By Tim Connor, Rodeo! Performance Group, Inc.

Executive Coaching, a hot topic over the last couple of years. But is it effective? Does it pay off? Do the results stick?

What Are Your Desired Results?

It’s good to start out by identifying the results you want. For a business owner or business executive, that will surely include improving your ability to move the company to the next level. You will likely want to sharpen your own time management skills. You may want to discuss company direction, or challenges facing your organization. You might even want to review alignment of your company departments with the overall vision and direction. A coach can help you do all of these and more. But you should take time before you start to get these clear, and to define the results you are expecting in each of your areas of concern.

Three Areas for the Buyer to Review

So, who is doing coaching, and what are their credentials?. There is a move today among many professions into coaching, primarily into “life coaching”. There is also a move to certify coaches, emanating primarily from companies whose main business is certifying coaches (duh!). The business man or woman who is considering hiring a coach should review three areas: 1) What actual experience has the coach had in the business world? 2) What results did the coach see when working in that world? And 3) What results has the coach seen since opening his/her practice? In any new endeavor there is a pattern evident, beginning with the opening of the field by people who have worked hands on and are now farming themselves out to others to get them started.

An obvious example is the PC computer industry. In the beginning (the first five years or so) the people available to help with business computing were primarily those had worked on computers. Some were good, some were bad, but they had all learned ‘by the seat of their pants’. As time went on a lot of different credentials came and went, but those that have stuck are those that have produced people who give results, and many of those still are not degreed people. Coaching is no different; if the coach you are interviewing can’t show you results, keep looking.

How Do Coaches Work?

There are a wide variety of coaching approaches, of course, but they’re really not too hard to sort out. If you want someone to discuss things with, bounce ideas and strategies off of, then once or twice a month for an hour at a time will probably meet your needs. In that case, the experience of the coach will have a lot of bearing on the discussion, and the advice you’re going to get.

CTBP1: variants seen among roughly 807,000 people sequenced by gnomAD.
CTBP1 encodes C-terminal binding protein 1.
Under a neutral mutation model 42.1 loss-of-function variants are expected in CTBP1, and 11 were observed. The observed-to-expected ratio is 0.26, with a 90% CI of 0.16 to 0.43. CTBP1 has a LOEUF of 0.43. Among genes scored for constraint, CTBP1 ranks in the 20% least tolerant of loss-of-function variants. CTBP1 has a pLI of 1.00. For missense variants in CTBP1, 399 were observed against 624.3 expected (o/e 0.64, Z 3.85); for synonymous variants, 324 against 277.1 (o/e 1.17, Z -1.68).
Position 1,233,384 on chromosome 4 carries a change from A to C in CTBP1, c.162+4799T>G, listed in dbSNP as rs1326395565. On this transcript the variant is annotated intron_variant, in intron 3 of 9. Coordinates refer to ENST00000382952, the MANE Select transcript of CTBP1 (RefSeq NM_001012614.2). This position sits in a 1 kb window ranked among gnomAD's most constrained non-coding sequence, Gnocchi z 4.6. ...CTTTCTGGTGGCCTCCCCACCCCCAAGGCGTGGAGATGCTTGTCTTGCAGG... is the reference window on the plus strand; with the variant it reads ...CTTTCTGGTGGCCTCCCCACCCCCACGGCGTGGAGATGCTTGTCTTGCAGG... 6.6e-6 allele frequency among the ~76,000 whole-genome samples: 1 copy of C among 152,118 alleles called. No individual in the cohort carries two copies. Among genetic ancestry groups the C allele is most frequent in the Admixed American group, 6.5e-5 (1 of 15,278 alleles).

If, on the other hand, you are looking to change attitudes or build new skills, you will obviously need someone who is going to meet with you more often, and who has a system to help you develop these new abilities. Remember, old habits and attitudes took years to develop, you’re not going to get rid of them by reading a book, talking with someone once or twice, or going to a seminar. It will take directed effort toward a specific end, and the coach is there to advise and to hold you accountable.

What Results Can You Expect?

Results will depend on the type of organization and on the position of the person being coached. A recent study of executive coaching results in a Fortune 500 firm reported a 529% return on investment and significant intangible results to the business (study by Metrix Global). Manchester Incorporated completed a survey of 100 executives and found that the average return on investment was six times the money spent on the coaching process. Interestingly, an internal report from the Personnel Management Association reported that training alone produced a 22% productivity increase, but training combined with coaching increased productivity to an average of 86%.

Why the big results? Some of it has to do with the personal aspect inherent to coaching – it’s just more effective to be able to think through strategies when it’s done with someone else. But there is also the factor of increased accountability, and if it’s done right, the systematic addition of new habits and skills, that account for most of the increase. This is particularly true with an executive or business owner. The executive position has (of course) associated costs that go far beyond the salary of the executive. Decisions made at this level affect the entire company, which may include hundreds or thousands of people. Rework generated by poor decisions here can result in costs in the millions. Poor relationship skills may leave contracts on the table involving the same amount, or result in union activities or significant drops in morale. Faulty direction could put a company out of business, or at best force it through years of playing catch up with competitors. The risks of executive actions are significant, but consequently so are the opportunities when improvement is systematically under-taken.


Executive coaching, done systematically with an experienced coach, is extremely likely to produce outcomes far in excess of its cost. The only caveat being the willingness of the executive to apply himself or herself in developing the new habits and attitudes. In a nutshell – it’s worth the investment.